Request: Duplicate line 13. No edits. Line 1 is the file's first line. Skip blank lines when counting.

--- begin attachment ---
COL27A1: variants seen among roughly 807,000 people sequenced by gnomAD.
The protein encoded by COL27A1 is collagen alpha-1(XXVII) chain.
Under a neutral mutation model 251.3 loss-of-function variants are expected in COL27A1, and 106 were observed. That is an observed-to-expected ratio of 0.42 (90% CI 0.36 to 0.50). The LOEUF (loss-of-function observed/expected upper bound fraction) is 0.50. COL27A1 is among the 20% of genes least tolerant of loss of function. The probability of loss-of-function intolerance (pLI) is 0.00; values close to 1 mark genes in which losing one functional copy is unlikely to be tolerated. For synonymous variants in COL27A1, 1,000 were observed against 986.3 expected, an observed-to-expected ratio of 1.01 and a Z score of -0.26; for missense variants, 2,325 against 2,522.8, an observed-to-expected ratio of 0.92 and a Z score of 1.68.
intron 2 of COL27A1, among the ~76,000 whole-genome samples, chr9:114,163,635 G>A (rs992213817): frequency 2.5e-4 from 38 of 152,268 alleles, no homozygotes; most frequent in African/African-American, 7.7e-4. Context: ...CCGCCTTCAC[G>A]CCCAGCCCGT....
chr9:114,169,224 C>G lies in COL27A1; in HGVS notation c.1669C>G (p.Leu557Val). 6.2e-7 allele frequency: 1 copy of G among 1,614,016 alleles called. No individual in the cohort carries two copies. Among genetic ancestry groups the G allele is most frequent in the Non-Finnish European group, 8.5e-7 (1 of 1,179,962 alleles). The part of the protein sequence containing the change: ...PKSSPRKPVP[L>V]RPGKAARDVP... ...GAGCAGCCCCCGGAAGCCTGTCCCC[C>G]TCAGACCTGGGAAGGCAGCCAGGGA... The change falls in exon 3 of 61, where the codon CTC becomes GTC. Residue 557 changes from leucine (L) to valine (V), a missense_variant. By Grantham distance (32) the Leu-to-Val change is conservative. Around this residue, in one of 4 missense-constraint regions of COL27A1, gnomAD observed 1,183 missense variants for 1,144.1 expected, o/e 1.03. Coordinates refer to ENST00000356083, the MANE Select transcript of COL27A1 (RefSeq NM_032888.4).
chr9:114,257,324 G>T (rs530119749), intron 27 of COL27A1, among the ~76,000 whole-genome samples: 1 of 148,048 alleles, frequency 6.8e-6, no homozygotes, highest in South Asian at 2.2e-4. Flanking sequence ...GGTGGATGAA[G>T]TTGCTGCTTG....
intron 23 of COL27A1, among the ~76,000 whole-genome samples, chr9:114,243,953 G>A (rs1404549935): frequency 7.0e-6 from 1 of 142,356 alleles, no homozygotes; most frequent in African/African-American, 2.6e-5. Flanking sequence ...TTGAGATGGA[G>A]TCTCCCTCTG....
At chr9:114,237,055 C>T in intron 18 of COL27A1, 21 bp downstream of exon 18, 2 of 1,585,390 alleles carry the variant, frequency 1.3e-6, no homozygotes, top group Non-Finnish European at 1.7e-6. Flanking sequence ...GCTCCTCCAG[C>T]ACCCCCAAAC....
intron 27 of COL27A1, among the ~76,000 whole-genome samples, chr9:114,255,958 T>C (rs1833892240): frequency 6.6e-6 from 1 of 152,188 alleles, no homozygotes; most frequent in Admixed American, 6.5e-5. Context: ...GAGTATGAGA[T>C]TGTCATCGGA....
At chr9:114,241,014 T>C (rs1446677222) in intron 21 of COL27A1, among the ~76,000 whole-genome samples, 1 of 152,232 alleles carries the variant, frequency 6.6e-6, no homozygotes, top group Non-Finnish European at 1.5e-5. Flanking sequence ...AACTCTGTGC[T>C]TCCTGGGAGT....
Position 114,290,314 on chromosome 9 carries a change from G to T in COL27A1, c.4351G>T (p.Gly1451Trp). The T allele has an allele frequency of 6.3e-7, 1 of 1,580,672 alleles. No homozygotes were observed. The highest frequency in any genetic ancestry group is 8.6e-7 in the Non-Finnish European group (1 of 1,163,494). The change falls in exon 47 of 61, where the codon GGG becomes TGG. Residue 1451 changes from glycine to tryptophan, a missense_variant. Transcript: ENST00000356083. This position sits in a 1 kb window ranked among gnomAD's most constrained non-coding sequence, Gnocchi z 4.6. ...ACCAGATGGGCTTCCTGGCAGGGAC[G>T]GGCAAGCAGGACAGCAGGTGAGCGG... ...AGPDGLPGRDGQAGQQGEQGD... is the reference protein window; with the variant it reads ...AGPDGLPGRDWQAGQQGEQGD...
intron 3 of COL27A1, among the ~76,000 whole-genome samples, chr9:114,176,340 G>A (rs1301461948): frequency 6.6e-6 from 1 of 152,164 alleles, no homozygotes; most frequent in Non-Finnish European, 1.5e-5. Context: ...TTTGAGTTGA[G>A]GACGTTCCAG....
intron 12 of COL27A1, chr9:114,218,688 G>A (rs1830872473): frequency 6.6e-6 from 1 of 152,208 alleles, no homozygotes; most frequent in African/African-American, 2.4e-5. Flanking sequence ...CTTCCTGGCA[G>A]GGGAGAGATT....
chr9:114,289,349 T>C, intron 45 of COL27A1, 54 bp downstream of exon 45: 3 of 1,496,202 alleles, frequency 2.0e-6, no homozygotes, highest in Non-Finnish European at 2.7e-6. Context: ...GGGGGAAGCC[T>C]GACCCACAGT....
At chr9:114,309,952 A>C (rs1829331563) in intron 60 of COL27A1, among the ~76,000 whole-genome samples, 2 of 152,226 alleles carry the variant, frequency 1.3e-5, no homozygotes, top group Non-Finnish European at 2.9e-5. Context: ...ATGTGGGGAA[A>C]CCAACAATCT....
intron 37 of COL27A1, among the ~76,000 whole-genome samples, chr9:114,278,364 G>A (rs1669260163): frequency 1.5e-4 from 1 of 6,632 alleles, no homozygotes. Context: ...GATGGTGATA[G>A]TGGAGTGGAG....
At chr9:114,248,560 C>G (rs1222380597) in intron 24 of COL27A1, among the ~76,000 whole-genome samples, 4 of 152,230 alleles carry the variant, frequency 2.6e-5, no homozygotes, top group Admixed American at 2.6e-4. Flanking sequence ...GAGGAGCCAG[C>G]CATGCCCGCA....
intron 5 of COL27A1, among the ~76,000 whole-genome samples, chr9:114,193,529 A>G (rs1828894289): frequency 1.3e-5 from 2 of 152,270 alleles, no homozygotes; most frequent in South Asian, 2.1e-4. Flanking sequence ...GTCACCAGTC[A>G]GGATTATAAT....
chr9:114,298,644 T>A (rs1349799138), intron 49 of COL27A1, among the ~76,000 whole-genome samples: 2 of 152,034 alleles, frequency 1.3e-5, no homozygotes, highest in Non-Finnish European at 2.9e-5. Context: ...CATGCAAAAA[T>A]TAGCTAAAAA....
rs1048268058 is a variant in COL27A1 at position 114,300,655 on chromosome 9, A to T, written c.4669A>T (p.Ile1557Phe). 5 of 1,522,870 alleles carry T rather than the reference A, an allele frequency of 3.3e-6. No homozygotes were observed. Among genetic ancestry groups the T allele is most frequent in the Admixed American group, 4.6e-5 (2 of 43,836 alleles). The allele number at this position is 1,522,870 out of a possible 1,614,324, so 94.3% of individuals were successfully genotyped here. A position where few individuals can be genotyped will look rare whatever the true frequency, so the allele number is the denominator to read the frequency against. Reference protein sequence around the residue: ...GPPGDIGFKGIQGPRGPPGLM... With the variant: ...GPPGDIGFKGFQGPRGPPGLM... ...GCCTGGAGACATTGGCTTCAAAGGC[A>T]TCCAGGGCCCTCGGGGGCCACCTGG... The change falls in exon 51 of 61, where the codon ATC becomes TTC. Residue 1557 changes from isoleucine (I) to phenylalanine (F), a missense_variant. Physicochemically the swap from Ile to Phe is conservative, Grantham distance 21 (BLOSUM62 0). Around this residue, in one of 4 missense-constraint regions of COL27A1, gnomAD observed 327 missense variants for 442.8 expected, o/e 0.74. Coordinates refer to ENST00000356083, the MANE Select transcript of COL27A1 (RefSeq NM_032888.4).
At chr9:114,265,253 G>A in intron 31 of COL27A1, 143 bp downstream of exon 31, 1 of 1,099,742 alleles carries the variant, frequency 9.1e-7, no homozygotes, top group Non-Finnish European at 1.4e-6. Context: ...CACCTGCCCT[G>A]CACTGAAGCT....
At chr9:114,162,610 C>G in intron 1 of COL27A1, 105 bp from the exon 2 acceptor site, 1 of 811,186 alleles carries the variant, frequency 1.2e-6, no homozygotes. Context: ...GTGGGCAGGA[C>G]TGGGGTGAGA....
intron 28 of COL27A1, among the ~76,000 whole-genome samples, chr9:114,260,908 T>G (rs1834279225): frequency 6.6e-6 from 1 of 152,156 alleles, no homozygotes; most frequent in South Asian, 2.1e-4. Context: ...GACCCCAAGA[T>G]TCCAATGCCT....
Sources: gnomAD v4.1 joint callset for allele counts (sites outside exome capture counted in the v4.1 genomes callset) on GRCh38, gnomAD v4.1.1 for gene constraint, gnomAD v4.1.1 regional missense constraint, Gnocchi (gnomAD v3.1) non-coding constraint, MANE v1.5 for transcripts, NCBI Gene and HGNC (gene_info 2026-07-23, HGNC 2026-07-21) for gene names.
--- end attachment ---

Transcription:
intron 12 of COL27A1, chr9:114,218,688 G>A (rs1830872473): frequency 6.6e-6 from 1 of 152,208 alleles, no homozygotes; most frequent in African/African-American, 2.4e-5. Flanking sequence ...CTTCCTGGCA[G>A]GGGAGAGATT....